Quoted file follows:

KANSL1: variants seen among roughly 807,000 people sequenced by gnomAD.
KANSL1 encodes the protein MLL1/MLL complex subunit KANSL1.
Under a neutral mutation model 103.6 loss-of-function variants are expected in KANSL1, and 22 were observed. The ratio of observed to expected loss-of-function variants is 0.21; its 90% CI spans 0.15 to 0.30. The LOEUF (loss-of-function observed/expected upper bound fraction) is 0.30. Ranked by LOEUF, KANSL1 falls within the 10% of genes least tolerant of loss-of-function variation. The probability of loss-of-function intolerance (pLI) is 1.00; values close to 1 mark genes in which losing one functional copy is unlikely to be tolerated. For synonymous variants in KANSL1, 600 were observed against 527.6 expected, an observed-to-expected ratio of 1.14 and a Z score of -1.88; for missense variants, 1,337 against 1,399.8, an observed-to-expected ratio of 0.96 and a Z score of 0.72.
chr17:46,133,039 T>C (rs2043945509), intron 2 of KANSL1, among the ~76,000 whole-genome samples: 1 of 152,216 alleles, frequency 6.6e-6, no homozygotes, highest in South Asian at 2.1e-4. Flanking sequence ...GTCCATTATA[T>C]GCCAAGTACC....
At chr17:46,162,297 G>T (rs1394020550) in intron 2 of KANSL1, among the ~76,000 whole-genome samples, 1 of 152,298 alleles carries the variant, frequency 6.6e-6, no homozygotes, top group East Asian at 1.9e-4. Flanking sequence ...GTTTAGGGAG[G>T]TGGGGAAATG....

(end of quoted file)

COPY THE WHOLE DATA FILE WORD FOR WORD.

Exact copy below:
KANSL1: variants seen among roughly 807,000 people sequenced by gnomAD.
KANSL1 encodes the protein MLL1/MLL complex subunit KANSL1.
Under a neutral mutation model 103.6 loss-of-function variants are expected in KANSL1, and 22 were observed. The ratio of observed to expected loss-of-function variants is 0.21; its 90% CI spans 0.15 to 0.30. The LOEUF (loss-of-function observed/expected upper bound fraction) is 0.30. Ranked by LOEUF, KANSL1 falls within the 10% of genes least tolerant of loss-of-function variation. The probability of loss-of-function intolerance (pLI) is 1.00; values close to 1 mark genes in which losing one functional copy is unlikely to be tolerated. For synonymous variants in KANSL1, 600 were observed against 527.6 expected, an observed-to-expected ratio of 1.14 and a Z score of -1.88; for missense variants, 1,337 against 1,399.8, an observed-to-expected ratio of 0.96 and a Z score of 0.72.
chr17:46,133,039 T>C (rs2043945509), intron 2 of KANSL1, among the ~76,000 whole-genome samples: 1 of 152,216 alleles, frequency 6.6e-6, no homozygotes, highest in South Asian at 2.1e-4. Flanking sequence ...GTCCATTATA[T>C]GCCAAGTACC....
At chr17:46,162,297 G>T (rs1394020550) in intron 2 of KANSL1, among the ~76,000 whole-genome samples, 1 of 152,298 alleles carries the variant, frequency 6.6e-6, no homozygotes, top group East Asian at 1.9e-4. Flanking sequence ...GTTTAGGGAG[G>T]TGGGGAAATG....